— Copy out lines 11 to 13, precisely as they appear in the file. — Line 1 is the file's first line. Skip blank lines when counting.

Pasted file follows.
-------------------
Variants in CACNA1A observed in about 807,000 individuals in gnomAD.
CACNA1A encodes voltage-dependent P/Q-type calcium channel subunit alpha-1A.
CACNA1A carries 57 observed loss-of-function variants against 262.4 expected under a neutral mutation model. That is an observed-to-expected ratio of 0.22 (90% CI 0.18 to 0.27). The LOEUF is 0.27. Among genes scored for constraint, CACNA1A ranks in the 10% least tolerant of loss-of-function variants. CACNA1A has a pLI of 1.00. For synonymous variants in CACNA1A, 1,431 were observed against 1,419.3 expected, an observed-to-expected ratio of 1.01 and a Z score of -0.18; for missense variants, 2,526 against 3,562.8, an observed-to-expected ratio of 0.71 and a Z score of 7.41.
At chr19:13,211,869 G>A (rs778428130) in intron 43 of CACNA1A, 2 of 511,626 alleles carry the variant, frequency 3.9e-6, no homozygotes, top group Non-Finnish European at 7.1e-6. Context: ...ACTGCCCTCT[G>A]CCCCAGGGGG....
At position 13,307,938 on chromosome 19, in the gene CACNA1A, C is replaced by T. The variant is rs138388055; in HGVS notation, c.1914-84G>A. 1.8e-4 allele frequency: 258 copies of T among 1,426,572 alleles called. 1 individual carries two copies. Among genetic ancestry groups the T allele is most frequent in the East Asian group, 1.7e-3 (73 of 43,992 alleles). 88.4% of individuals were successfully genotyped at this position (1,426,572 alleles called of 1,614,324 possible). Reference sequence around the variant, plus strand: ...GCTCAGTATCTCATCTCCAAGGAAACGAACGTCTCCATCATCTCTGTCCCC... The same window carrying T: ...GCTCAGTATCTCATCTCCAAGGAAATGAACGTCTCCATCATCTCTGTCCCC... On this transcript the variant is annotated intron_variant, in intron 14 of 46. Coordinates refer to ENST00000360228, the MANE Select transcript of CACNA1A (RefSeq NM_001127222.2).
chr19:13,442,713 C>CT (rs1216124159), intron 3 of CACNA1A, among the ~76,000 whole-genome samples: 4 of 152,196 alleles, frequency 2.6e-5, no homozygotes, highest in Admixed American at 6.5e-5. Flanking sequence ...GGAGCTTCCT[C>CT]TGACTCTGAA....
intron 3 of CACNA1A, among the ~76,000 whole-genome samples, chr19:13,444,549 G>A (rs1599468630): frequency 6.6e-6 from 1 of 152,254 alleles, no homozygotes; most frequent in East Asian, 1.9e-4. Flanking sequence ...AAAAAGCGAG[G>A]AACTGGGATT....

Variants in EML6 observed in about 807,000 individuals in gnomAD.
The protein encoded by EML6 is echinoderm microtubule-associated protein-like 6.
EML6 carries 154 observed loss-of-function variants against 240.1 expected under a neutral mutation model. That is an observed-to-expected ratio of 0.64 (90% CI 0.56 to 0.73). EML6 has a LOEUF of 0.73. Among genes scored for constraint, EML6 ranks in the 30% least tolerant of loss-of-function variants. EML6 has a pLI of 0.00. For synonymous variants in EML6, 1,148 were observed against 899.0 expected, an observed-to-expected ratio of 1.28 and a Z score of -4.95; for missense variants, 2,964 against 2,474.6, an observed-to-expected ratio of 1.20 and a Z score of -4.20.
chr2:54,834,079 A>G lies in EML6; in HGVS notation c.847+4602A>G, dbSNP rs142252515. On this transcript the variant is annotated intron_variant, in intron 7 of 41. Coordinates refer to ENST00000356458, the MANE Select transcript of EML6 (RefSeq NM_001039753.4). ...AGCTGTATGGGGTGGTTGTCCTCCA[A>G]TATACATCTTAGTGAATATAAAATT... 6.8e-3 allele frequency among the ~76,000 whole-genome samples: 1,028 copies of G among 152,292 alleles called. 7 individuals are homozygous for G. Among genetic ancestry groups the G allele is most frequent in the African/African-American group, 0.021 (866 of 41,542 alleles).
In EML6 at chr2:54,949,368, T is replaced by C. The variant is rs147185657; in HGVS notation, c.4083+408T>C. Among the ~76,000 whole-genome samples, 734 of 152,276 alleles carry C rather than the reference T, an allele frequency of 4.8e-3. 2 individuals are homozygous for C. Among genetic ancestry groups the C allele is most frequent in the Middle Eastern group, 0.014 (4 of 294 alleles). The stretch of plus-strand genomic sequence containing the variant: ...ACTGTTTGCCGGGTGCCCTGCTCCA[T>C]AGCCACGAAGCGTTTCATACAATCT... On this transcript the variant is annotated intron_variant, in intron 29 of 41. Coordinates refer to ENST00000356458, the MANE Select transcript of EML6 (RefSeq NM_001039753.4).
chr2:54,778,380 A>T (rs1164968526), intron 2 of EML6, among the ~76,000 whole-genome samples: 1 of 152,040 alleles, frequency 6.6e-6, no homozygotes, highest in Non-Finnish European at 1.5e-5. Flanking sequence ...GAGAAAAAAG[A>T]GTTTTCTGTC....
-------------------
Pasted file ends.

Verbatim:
chr2:54,834,079 A>G lies in EML6; in HGVS notation c.847+4602A>G, dbSNP rs142252515. On this transcript the variant is annotated intron_variant, in intron 7 of 41. Coordinates refer to ENST00000356458, the MANE Select transcript of EML6 (RefSeq NM_001039753.4). ...AGCTGTATGGGGTGGTTGTCCTCCA[A>G]TATACATCTTAGTGAATATAAAATT... 6.8e-3 allele frequency among the ~76,000 whole-genome samples: 1,028 copies of G among 152,292 alleles called. 7 individuals are homozygous for G. Among genetic ancestry groups the G allele is most frequent in the African/African-American group, 0.021 (866 of 41,542 alleles).
In EML6 at chr2:54,949,368, T is replaced by C. The variant is rs147185657; in HGVS notation, c.4083+408T>C. Among the ~76,000 whole-genome samples, 734 of 152,276 alleles carry C rather than the reference T, an allele frequency of 4.8e-3. 2 individuals are homozygous for C. Among genetic ancestry groups the C allele is most frequent in the Middle Eastern group, 0.014 (4 of 294 alleles). The stretch of plus-strand genomic sequence containing the variant: ...ACTGTTTGCCGGGTGCCCTGCTCCA[T>C]AGCCACGAAGCGTTTCATACAATCT... On this transcript the variant is annotated intron_variant, in intron 29 of 41. Coordinates refer to ENST00000356458, the MANE Select transcript of EML6 (RefSeq NM_001039753.4).
chr2:54,778,380 A>T (rs1164968526), intron 2 of EML6, among the ~76,000 whole-genome samples: 1 of 152,040 alleles, frequency 6.6e-6, no homozygotes, highest in Non-Finnish European at 1.5e-5. Flanking sequence ...GAGAAAAAAG[A>T]GTTTTCTGTC....